How to Remove the Smoke Smell From Clothes After a House Fire

A house fire can be totally devastating, and to make matters worse, there will be lots of damage to deal with after. Some of the worst post-fire damage will be to clothes and fabrics. The most common issue is the smoke smell, which can linger quite badly. Not only is the smell unpleasant and intrusive, it can also be irritating to the lungs. There are a few methods to remove smoke smell from clothes after a fire and to treat any other smoke damage to clothes.

hand washing cloths
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How to Remove the Smoke Smell From Clothes After a House Fire

How to Get Smoke Smell Out of Clothes

Treating clothing as soon as possible is key to removing the smell. It's also advised to not immediately use a washer or dryer, as the heat and motion can make the smoke smell set in and become impossible to get rid of. Soaking the clothing in warm water is the best way to get the smoke smell out.

You can use either washing detergent or white vinegar, or a combination of the two, mixed with water. Soak the clothing overnight. In the morning, rinse and see if the smell remains. If it does, repeat the process. Only after the smell has lifted should you put the items in the washer.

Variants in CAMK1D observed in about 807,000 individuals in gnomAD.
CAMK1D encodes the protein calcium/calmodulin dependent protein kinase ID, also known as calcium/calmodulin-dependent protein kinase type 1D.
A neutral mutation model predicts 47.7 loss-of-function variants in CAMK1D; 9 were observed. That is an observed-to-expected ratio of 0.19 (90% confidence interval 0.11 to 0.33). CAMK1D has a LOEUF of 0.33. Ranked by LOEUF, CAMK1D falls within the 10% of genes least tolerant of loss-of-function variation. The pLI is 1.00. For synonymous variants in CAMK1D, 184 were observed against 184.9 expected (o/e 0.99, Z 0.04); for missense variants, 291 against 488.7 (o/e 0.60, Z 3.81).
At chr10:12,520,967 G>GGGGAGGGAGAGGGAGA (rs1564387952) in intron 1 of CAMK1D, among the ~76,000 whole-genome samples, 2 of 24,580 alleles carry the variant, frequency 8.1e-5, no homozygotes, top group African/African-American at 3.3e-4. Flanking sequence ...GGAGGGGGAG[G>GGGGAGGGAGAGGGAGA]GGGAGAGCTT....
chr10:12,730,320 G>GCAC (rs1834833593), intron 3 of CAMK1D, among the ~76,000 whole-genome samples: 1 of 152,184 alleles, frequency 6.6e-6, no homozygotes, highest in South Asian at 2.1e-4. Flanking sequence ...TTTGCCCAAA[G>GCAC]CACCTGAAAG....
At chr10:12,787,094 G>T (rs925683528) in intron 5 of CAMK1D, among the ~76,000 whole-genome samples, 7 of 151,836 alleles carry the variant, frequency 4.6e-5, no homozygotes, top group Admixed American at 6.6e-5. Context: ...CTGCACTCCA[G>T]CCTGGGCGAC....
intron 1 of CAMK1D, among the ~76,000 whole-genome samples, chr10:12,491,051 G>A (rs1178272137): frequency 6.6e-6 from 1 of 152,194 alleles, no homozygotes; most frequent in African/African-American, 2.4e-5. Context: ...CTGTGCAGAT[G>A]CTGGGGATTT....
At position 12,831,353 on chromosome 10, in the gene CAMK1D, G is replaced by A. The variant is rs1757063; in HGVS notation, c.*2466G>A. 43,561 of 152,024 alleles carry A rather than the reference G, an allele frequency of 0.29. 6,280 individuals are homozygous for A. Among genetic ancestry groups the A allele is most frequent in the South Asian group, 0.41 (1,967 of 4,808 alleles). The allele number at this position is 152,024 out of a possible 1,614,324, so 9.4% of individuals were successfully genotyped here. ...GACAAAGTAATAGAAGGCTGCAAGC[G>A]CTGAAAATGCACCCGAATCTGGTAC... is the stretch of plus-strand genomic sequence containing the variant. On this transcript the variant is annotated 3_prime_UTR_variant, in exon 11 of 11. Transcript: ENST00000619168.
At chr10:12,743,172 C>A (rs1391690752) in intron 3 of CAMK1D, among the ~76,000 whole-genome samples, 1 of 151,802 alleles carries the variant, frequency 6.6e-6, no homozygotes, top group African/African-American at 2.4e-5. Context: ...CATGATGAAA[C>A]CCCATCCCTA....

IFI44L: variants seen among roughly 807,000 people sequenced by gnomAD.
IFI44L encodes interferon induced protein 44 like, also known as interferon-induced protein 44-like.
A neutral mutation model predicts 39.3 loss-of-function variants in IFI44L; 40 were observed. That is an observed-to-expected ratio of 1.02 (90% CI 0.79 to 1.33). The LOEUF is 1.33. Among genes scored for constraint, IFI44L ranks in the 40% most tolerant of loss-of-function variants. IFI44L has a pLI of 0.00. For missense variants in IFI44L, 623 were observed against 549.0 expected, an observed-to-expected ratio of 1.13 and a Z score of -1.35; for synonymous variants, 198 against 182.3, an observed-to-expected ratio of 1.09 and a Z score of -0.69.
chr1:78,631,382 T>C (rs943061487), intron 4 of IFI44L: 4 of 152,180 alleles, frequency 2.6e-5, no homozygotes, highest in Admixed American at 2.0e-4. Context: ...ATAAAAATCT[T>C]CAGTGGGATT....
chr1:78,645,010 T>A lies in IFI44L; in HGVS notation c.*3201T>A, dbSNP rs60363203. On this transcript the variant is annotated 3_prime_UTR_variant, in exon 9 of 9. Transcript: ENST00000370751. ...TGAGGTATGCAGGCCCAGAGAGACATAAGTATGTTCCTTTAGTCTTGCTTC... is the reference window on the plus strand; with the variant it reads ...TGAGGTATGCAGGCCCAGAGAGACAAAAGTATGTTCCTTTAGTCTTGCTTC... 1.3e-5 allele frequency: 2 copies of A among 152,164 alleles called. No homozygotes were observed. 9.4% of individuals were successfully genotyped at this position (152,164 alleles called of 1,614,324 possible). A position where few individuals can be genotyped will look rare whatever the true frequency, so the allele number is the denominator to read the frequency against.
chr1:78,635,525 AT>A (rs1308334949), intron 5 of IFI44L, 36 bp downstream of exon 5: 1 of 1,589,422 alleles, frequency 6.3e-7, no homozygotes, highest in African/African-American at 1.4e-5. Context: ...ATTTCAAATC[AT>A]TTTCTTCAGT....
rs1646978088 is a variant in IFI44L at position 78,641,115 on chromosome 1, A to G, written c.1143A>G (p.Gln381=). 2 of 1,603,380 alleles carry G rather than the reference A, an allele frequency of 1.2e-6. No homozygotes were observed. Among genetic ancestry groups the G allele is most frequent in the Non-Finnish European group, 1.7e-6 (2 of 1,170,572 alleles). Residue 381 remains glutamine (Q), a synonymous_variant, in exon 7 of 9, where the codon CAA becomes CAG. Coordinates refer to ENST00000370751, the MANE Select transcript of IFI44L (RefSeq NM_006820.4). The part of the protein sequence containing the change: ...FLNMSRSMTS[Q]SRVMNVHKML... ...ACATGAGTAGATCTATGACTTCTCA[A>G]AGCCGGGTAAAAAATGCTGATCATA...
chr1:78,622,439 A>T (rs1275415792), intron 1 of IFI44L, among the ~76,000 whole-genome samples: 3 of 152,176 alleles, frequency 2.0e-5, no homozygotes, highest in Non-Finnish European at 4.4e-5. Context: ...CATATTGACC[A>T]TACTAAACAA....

Professional Smoke Smell Treatments

If you've tried the soaking and repeating method and still have a lingering scent, your best bet is to contact a professional who can do something called an ozone treatment. This treatment is specifically designed for restoring fabrics after a fire. The ozone treatment actually breaks up the smoke molecules that are embedded in the fabric.

You can also talk to your dry cleaner about specific smoke smell treatments. Dry cleaning can use specific chemicals designed to deodorize.

Getting Soot Out of Clothes

The other issue with clothing after a fire is staining. Soot can cling to clothes and leave unsightly gray marks. Before you begin any type of washing, vacuum your clothing using the crevice attachment. This will remove the majority of solid soot particles before they become wet and bond with the fabric.

Then, while the fabric is still dry, sprinkle the stain with baking soda. This helps to absorb the soot. After about 15 minutes, vacuum the baking soda off. Repeat until the majority of the soot has been lifted. You can then go in with a sponge and a cleaning detergent to get the last marks to fade.

Annie Walton Doyle

Annie Walton Doyle

Annie Walton Doyle is a freelance writer based in Manchester, UK. Her work has appeared in The Huffington Post, The Daily Telegraph, Professional Photography Magazine, Bustle, Ravishly and more. When not writing, she enjoys pubs, knitting, nature and mysteries.